geopolitically speaking, I am familiar with Kurds. I believe they are looking for financial growth and prosperity for their independent region, and these violences and events would be temporary. Although some people pulling their legs, Kurds are smart people and it's a promising region in the ME with great future for investment.
    12 Jun 2014, 02:52 PM Reply Like
  • User 353732
    , contributor
    Comments (5166) | Send Message
    A defacto Kurdistan is now a little closer to being formed encompassing parts of Iraq and Syria initially and later some part of Iran. Kurdish oil becomes more important now and Kirkuk is now the southern outpost of the Kurds.
    The Kurds are strategic winners in the rout of the Iraqi "army" while the Iranians are potential losers in the sectarian war, which is why the Iranians are mobilizing.
    The Islamic terrorists caused panic amongst the Iraqi regulars but were easily defeated by the Kurdish forces in Kirkuk
    12 Jun 2014, 03:48 PM Reply Like
  • mjb0909
    , contributor
    Comments (234) | Send Message
    Thanks for all the very informative comments above. It gives a good insight on that part of the world which always seems like a "powder keg". What I always worry about is that if the wrong/wild fanatics start to control large oil deposits in that part of the world, it gives access to "deep pocket" funds in which they can buy most anything---then they may graduate from being a "powder keg" into "nuclear keg" that fits into a suitcase!
    12 Jun 2014, 07:44 PM Reply Like
  • fgalotti1
    , contributor
    Comments (35) | Send Message
    It is time the US and the EU woke up to the fact that the Kurds have been the most loyal and trustworthy regime in the region. They now deserve and have suffered enough for the full support of the western powers.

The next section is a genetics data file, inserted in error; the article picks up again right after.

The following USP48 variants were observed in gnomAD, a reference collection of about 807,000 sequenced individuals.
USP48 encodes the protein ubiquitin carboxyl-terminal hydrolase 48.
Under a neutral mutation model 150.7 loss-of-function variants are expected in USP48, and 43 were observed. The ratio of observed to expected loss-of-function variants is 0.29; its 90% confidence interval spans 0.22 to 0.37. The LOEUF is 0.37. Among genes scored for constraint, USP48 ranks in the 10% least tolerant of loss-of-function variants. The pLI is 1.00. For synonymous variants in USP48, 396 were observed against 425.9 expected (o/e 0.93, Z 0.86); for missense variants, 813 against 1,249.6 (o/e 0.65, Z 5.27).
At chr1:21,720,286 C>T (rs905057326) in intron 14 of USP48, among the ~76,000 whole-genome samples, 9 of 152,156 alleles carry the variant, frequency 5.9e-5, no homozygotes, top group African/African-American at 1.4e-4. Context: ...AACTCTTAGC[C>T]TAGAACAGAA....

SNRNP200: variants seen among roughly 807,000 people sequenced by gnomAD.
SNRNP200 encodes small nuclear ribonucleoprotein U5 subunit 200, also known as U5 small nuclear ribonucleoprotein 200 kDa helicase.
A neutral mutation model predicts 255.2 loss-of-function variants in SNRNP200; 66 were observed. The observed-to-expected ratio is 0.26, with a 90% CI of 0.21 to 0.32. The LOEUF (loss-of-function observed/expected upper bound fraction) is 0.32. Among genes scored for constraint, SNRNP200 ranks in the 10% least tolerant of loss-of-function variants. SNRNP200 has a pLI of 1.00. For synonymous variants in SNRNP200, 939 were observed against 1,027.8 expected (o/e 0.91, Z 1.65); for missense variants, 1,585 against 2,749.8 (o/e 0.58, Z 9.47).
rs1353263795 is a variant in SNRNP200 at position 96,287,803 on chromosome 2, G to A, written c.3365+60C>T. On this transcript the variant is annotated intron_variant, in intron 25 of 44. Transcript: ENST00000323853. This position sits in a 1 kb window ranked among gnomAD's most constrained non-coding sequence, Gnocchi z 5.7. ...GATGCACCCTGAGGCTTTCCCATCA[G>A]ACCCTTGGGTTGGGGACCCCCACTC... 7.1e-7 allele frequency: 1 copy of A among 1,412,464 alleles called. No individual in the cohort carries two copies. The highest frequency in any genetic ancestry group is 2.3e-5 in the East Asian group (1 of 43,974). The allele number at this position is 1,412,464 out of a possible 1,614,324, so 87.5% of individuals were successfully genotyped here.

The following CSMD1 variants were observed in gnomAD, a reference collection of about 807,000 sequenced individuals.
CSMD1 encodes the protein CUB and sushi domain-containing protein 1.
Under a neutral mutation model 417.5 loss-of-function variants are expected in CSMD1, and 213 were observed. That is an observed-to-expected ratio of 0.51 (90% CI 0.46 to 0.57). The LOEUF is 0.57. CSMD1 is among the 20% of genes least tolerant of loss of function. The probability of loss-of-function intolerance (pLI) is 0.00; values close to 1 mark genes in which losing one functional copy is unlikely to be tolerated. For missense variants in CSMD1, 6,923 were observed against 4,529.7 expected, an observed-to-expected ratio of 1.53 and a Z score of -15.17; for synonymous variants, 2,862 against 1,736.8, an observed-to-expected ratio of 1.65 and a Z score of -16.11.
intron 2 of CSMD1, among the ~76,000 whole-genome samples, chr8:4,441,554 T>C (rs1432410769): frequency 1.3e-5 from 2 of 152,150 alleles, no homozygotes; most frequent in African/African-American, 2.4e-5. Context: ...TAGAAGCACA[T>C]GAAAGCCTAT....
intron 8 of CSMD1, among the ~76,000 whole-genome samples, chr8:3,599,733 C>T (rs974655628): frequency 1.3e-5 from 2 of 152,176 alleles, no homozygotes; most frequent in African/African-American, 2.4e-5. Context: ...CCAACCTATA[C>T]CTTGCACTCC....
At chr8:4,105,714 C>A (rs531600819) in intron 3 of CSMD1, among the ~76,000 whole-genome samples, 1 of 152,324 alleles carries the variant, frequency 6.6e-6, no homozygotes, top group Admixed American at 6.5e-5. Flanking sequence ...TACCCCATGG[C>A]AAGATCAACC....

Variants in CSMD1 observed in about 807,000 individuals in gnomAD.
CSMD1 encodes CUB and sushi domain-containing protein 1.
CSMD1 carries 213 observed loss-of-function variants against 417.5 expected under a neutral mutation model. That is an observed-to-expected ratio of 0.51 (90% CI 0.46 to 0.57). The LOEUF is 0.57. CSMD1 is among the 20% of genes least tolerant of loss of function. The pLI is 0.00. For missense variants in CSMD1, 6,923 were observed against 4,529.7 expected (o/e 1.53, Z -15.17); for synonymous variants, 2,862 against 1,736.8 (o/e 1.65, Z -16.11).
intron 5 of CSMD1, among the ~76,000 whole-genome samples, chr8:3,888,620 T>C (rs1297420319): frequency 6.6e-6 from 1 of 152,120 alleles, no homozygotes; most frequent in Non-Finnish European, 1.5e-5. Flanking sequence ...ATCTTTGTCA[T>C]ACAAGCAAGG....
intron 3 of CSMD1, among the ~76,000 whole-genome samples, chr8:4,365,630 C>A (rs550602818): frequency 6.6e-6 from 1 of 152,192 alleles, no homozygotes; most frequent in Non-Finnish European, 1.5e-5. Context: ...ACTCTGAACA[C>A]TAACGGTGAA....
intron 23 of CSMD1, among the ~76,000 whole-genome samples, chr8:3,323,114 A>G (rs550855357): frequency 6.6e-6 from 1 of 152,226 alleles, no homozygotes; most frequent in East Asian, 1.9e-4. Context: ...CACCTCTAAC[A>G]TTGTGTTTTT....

12 Jun 2014, 08:28 PM Reply Like
  • davenjaneice@charter.net
    , contributor
    Comments (10) | Send Message
    Arm the Kurds. Only group worth saving in Iraq. Help them with their relations with Turkey. Kurdish population in Turkey is a problem for Turkey. An arms Kurdish force could annex the part of Syria that has a Kurd population. We need to build a prosperous ally in the the region.
    THE GGRumpa
    12 Jun 2014, 11:17 PM Reply Like
  • dunnhaupt
    , contributor
    Comments (2356) | Send Message
    ISIS apparently stands for Islamic State of Iraq and the Levant. That doesn't sound like they are planning to confine themselves only to Kurdistan. ISIS is commanded by Saddam Hussein's fugitive second-in-command.


    For now I stick with COP which sold its assets in most risky areas of the world and has none in Iraq.
    15 Jun 2014, 08:11 AM Reply Like
  • MWinMD
    , contributor
    Comments (3728) | Send Message
    Bummer for the oil companies when they don't have a paid errand runner in the White House. No one to subsidize your profits via the blood of American service members and a trillion dollars from the US taxpayer.
    15 Jun 2014, 03:18 PM Reply Like
DJIA (DIA) S&P 500 (SPY)
ETF Screener: Search and filter by asset class, strategy, theme, performance, yield, and much more
ETF Performance: View ETF performance across key asset classes and investing themes
ETF Investing Guide: Learn how to build and manage a well-diversified, low cost ETF portfolio
ETF Selector: An explanation of how to select and use ETFs